In Hebrews 11.13 we come to a bit of a summary. The writer tells us that all of the heroes he has mentioned, like Abraham, did not receive what they were promised. Abraham had not received the land of Canaan as an earthly inheritance. He saw what was promised from a distance; hence Jesus can say Abraham rejoiced at the thought of seeing my day. Let's read from verse 13:
All these people were still living by faith when they died. They did not receive the things promised; they only saw them and welcomed them from a distance. And they admitted that they were aliens and strangers on earth.
Abraham, Isaac and Jacob lived as refugees on earth making it clear they were longing for something better. What was that? Look with me at verse 14:
People who say such things show that they are looking for a country of their own. If they had been thinking of the country they had left, they would have had opportunity to return. Instead, they were longing for a better country--a heavenly one. Therefore God is not ashamed to be called their God, for he has prepared a city for them.
Abraham, Isaac and Jacob were all homesick for heaven. They lived as refugees longing for a better country – a heavenly one. The word 'longing' shows us that Abraham's heart was set on coming home to heaven. If he had been thinking about the country he had left, he would have returned. But he never did because what God promised him was far better than what he left. He didn't give up being a refugee because he knew his temporary discomfort was worth it in the end.
What can we learn from Abraham? We too like Abraham are refugees heading home to heaven. And sometimes it is tempting, like the Hebrew Christians did, to think is it really worth it? It's tempting to think what if I could just go back to my old life. Or perhaps if we grew up in a church family there is part of us that wonders, 'Would my life be better if I wasn't following Jesus?'
Abraham knew his old life wasn't worth going back to. He knew heaven was better than anything the world could offer – so he kept on living in tents longing for heavenly city. For many of us there will be great costs to following Jesus: perhaps being single; perhaps missing out on promotions because you won't compromise; perhaps moving far from family, or perhaps being seen as odd by your loved ones for following Jesus. But Abraham says there's something better than all this life can offer – a heavenly country. Abraham says to us the cost of being a refugee is worth it. Keep going because one day discomfort will give way to glory.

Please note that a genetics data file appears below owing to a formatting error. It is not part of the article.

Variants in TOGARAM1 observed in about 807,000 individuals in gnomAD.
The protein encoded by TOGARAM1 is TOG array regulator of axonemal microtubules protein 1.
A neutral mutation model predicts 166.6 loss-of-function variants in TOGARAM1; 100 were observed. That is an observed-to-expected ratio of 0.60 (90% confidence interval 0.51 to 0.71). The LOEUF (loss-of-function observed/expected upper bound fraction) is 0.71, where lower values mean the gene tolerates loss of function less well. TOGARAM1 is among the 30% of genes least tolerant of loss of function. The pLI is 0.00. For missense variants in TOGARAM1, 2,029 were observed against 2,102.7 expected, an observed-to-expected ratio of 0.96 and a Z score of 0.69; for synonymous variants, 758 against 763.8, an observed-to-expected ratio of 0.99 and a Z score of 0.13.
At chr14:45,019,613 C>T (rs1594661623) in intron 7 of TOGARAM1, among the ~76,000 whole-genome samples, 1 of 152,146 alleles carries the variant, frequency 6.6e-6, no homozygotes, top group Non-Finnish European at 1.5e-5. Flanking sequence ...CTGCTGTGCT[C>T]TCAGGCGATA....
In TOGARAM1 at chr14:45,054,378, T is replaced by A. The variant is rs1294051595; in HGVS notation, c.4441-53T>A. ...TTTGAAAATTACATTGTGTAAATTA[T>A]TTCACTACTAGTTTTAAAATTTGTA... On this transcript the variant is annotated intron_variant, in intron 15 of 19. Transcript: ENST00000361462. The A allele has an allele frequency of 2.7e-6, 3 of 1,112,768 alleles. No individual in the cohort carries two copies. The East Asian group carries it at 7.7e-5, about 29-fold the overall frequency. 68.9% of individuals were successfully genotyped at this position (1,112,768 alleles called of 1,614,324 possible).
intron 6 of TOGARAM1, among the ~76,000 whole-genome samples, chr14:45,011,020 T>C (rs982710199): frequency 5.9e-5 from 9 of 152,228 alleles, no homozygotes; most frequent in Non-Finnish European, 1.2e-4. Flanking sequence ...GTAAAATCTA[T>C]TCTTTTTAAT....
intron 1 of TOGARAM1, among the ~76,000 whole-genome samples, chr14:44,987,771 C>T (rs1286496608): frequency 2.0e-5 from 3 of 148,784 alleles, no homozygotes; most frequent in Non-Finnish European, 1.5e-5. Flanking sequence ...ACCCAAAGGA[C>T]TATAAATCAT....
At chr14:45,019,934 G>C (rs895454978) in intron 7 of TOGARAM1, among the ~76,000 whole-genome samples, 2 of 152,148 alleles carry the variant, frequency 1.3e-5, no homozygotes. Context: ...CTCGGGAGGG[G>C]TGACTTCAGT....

We really need to help each other long for heaven too. Earlier in Hebrews the writer says to the believers in 10.25:
let us encourage one another – and all the more as we see the Day approaching.
Surely part of encouraging each other will mean talking of the day when Jesus ushers in the new creation. Having spent a few weeks in this passage I realise I don't think on, never mind talk enough about my hope of the new creation. Let me encourage us all to talk more of our hope of heaven in everyday life.
One of my friends has spent a couple of years in Cameroon working in a Christian hospital, often with malaria patients. One of her main observations was that the believers talked of heaven regularly. My doctor friend said the believers would visit family members in hospital and often say things like, 'There'll be no malaria in heaven!' How often do we look at the difficult circumstances of life and use them as a reminder that the in the new creation there will be no more illness, loneliness, crying and death? Let's encourage each other to long for that better country by talking about it.
Let me encourage you to talk about your hope with those outside the church too because the gospel offers something incredibly attractive. Park View's advertising is attractive because all of us long for its offer of beauty, relationship and home. But Park View or any other development can't deliver that kind of happiness.
Only the new creation can deliver true beauty, relationship with God that truly satisfies and be the true home we all long for. Only there will God live with his people.
The greatest aspect of heaven will be living with God. There's a nineteenth century American folk song called 'Wayfaring Stranger' which really captures this homesickness for heaven. Let me read you the final verse:
"'ll soon be free from every trial
This form shall rest beneath the sod
I'll drop the cross of self-denial
And enter in that home with God
I'm going home to see my saviour
Who spilled his precious blood for me
I am just going over Jordan
I am just going over home"
This song wonderfully points us to our greatest inheritance – seeing our saviour. Look with me at 16b for our greatest inheritance:
Therefore God is not ashamed to be called their God, for he has prepared a city for them.
God is not ashamed of those who put their faith in his promises. That means he delights in us; he calls us his own; he prepares us a home. Enjoying God for eternity will be our inheritance.
If your faith is in Jesus – heaven is your home. So live as a refugee; look to God's faithfulness and long for home.